Thursday, January 17, 2013

Australia: Kimberley graveyard to rise as the “Saudi Arabia of Gas” | Asia News – Politics, Media, Education | Asian Correspondent

Australia: Kimberley graveyard to rise as the “Saudi Arabia of Gas

James Price Point is one of the fiercest battlegrounds between the Indigenous people and the Australian Government in contemporary times. With the support of the local communities, Green and civic groups, the Indigenous people are fighting to protect the “Law Below the Top Soil” – the law handed down from many generations to another that governs their ancestral rights.

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  1. Australia critisises China on Human Rights,but what is the difference?

    GOVERNMENTS the world over often hand out year-end bonuses to employees who devise efficient ways to handle problems or meet goals.

    In China, at the close of last year, local governments gave employees cash awards for doing good work in demolishing family homes, flattening ancestral tombs and enforcing the nation's one-child policy.

    ''Land acquisition, house demolition and relocation is China's biggest tool for wealth transfer,'' Shen Xiaojie, a news website editor, wrote on Sina Weibo. ''This kind of award is like bandits dividing their spoils.''


    Such payments reveal local priorities as officials rewarded their own for the often difficult work of implementing controversial policies, sometimes with violent methods. But the 2012 bonuses leaked to the public have provoked condemnation that suggests that China's people are growing more vocal in their criticism of a government many view as deeply corrupt.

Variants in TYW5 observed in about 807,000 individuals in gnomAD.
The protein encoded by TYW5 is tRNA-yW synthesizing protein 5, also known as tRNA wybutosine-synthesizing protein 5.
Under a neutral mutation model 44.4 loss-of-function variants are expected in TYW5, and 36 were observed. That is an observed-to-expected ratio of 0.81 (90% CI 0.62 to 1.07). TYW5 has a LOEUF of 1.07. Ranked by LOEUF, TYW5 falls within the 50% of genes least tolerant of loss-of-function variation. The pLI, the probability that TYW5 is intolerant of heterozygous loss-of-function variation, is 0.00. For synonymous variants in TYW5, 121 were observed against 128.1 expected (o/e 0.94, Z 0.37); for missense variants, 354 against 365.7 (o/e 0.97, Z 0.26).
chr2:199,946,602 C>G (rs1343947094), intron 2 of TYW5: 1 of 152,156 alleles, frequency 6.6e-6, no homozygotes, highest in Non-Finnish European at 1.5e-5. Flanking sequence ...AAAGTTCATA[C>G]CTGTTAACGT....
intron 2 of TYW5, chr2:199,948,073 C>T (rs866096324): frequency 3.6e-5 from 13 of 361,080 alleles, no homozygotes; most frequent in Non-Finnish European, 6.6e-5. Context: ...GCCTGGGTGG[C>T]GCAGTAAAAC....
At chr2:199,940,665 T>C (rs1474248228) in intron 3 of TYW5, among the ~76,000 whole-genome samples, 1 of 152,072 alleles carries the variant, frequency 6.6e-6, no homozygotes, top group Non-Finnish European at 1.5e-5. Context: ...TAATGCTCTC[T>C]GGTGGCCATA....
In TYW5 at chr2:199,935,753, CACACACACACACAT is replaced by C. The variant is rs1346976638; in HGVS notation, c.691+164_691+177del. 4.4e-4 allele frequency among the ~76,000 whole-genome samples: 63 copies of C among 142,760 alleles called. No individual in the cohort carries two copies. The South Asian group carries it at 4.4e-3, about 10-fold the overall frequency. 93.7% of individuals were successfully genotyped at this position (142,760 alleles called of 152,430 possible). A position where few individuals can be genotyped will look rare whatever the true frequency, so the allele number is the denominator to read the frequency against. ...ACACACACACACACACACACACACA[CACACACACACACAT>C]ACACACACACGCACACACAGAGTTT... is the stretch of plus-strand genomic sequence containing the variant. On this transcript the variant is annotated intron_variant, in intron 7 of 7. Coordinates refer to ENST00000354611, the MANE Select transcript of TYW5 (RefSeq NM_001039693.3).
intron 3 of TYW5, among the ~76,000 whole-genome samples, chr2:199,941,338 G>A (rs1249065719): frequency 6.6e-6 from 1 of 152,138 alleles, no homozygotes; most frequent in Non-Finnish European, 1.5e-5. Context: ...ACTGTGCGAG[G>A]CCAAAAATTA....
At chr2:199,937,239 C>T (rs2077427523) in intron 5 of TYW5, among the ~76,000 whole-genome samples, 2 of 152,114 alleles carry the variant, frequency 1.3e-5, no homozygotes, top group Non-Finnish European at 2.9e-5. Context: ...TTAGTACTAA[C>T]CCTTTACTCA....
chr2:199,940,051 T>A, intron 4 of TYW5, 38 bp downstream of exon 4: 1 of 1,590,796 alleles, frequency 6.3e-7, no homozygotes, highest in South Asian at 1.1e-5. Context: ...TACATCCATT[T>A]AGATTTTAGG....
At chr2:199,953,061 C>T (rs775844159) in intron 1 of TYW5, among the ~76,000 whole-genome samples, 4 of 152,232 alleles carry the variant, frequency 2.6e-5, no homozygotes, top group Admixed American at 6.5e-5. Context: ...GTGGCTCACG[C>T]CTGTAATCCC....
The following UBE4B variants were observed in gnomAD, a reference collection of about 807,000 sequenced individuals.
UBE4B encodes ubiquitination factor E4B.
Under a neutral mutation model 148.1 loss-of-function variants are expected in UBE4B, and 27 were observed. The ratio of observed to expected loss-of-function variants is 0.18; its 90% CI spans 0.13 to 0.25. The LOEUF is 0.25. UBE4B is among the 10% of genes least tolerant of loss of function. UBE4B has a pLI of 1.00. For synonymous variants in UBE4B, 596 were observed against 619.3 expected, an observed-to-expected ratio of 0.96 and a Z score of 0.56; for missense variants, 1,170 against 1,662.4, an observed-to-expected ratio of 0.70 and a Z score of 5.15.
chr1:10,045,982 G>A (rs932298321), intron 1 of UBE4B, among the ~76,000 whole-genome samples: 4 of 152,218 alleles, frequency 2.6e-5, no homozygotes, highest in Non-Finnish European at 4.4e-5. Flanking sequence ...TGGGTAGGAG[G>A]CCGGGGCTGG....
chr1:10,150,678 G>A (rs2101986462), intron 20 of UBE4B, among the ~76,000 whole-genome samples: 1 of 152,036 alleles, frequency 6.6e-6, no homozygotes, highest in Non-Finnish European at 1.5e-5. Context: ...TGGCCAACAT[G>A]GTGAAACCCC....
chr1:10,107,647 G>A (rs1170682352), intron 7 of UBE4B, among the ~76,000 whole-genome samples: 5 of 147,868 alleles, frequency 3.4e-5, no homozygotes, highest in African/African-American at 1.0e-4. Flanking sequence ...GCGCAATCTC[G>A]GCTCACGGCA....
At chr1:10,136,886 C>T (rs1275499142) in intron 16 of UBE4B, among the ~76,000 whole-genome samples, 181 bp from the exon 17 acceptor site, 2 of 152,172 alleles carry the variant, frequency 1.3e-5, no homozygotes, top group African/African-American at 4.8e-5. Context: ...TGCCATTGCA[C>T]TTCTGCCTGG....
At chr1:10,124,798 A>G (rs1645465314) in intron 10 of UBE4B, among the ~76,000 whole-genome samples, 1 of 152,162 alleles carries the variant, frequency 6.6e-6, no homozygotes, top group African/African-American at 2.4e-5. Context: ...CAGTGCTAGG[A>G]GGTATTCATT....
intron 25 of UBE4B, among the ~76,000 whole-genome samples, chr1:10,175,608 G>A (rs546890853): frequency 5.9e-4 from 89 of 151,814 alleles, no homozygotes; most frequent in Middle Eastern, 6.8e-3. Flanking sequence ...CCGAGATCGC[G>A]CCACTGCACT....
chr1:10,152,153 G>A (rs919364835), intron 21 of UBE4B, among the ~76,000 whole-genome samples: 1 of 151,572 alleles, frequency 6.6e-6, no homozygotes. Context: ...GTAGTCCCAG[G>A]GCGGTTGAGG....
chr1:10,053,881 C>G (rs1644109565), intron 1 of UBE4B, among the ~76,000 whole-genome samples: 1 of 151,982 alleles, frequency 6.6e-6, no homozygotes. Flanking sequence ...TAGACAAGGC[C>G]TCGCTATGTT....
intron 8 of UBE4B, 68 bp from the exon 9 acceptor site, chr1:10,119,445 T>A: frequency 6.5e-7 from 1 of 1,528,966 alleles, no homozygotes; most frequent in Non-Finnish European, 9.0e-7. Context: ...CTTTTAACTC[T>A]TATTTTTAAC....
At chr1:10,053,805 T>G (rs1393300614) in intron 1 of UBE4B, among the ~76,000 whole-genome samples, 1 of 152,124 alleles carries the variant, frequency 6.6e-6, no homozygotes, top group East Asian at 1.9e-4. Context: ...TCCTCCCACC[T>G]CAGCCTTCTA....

Two of the most commented-upon payments in late 2012 rewarded demolition workers who tore down family homes on government-requisitioned land in Lin county, in north China's Shanxi province, and tomb flatteners in Zhoukou City, central Henan province, who cleared more than 2 million ancestral tombs last year to recover farmland.


    On Sina Weibo, a hugely popular Chinese version of microblogging site Twitter, which is banned in China, many users called the $US116,000 ($109,000) total payment to ''advanced'' demolition workers in Lin county ''shameful'' and ''ridiculous''.

    Most of the mass protests in China are sparked by government land grabs and forcible demolition of homes, as officials evict residents, who are often poorly compensated, to secure the land sales that form most of the local government income.

    In the tabloid Beijing News, commentator Hu Yinbin blamed local governments' ''confrontational work perspectives.''

    Officials ''treat people as the opposite side, getting them down counts as their success, and for which they will be rewarded. This kind of thinking will only stimulate more hostile emotions,'' he wrote.

    In Henan province, there has been widespread opposition to government demolition of ancestral tombs. The policy shatters tradition and breaks cultural taboos, but the government insists the land is essential for crop cultivation.